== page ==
Ask the Taxman by Andy Biebl
Andy Biebl DTN Tax Columnist
Mon Sep 29, 2014 01:55 PM CDT
(Page 1 of 2)

In this day and age of electronic transactions, 1099s and linked data bases, IRS can detect unreported income much more easily. Hiding capital gains can result in civil penalties and possible criminal tax fraud charges. (DTN photo illustration by Nick Scalise)

DTN Tax Columnist Andy Biebl is a CPA and principal with the accounting firm of CliftonLarsonAllen LLP in New Ulm and Minneapolis, Minn., and a national authority on agricultural taxation. He'll address detailed tax strategies for farm retirement at an Ag Summit workshop in Chicago Dec. 7 To pose questions for upcoming columns, email


Andy, I hate to admit this but my 80-year-old father is a Neanderthal. We have no on-farm successors, so he has an agreement to sell the family farm to a young Amish couple for cash. He is thinking about stuffing all the money in shoe boxes to avoid paying capital gains taxes. Some people have recommended that he just raise the value of his home, so he'd at least qualify for the $500,000 per couple ($250,000 per single person) exemption on a primary residence's capital gains. What should I advise him?


Your dad needs to start watching that new TV series, "Orange is the New Black." If the IRS uncovers this arrangement, it is not the kind of transaction where they will say, "Just pay the taxes you owe us plus a 20% penalty." It's the kind of deal that will get him a hefty civil tax fraud penalty at best, and a stay at the Greybar Hotel for criminal tax fraud at worst. In this day and age of electronic transactions, 1099s and linked data bases, it's insanity to think that a large land transaction could escape tax reporting.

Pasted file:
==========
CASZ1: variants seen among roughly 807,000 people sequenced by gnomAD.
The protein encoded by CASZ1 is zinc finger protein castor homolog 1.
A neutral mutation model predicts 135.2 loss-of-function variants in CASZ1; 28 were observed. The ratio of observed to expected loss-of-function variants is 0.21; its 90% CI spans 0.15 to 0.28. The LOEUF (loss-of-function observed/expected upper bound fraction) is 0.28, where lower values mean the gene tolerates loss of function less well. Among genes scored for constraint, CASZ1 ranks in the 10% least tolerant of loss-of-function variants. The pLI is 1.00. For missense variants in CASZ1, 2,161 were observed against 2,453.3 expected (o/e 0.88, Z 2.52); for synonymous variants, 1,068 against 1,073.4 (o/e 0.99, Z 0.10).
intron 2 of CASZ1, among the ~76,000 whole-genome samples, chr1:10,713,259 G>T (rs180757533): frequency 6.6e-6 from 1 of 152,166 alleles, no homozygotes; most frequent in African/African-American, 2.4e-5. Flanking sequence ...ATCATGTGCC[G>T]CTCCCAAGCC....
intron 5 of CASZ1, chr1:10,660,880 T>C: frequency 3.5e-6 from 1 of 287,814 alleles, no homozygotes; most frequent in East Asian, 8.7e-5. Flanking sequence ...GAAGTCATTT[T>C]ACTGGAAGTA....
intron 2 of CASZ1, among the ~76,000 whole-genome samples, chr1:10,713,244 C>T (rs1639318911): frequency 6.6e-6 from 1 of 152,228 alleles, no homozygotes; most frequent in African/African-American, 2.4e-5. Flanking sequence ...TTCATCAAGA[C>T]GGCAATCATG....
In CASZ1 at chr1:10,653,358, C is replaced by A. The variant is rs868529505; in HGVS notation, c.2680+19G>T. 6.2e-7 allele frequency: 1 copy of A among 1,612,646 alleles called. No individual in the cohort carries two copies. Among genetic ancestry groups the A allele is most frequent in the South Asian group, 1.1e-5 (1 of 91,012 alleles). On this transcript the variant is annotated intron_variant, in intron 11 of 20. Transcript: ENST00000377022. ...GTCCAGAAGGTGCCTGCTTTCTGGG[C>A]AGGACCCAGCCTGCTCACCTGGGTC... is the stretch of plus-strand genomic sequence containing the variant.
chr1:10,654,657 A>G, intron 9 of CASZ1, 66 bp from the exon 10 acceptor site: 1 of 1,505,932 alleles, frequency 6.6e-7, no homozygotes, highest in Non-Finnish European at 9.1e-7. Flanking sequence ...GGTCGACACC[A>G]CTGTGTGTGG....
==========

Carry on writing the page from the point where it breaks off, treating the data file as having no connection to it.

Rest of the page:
First of all, the young couple will insist on a legal transfer of title. There is a deed to record that is on public record. When the closing does occur, the title company or attorney will file a 1099 tax form to the IRS, which is required on real estate sales transactions. The IRS has sophisticated computer systems cross-checking electronically these days, to make sure people report all income.

Second, if he's selling his primary residence, he can't just attribute the first $500,000 of gain to that instead of the farmland. He can only use the principal residence exclusion up to the value of the residence and related personal use property (such as a garage and adjacent woodland). The value of a person's house is recorded with the county assessor for property tax purposes. Any sale price would have to be within reason of that record. The remainder of the gain, attributable to the farmland, is taxable.

The short story is this: Tell your dad it won't be any fun for you to spend Sundays visiting him at Club Fed. I can understand it is painful for your father to give the federal and state government about 30% of his lifetime gains on farmland. But the capital gain tax is the cheapest rate we have: 20% federal, 3.8% for the new Obamacare net investment income tax, and then probably about another 6% or so to the state (although that last number can be anywhere from 0% to 10%, depending on which state). And if he is really adverse to paying tax, the legal alternative is to trade the land into other real estate. That's probably not a practical alternative at age 80, as there is nothing easier to own than farmland.


Can "prevent plant" insurance payments be applied to the following tax year if that is when you would normally have marketed the grain from those acres?


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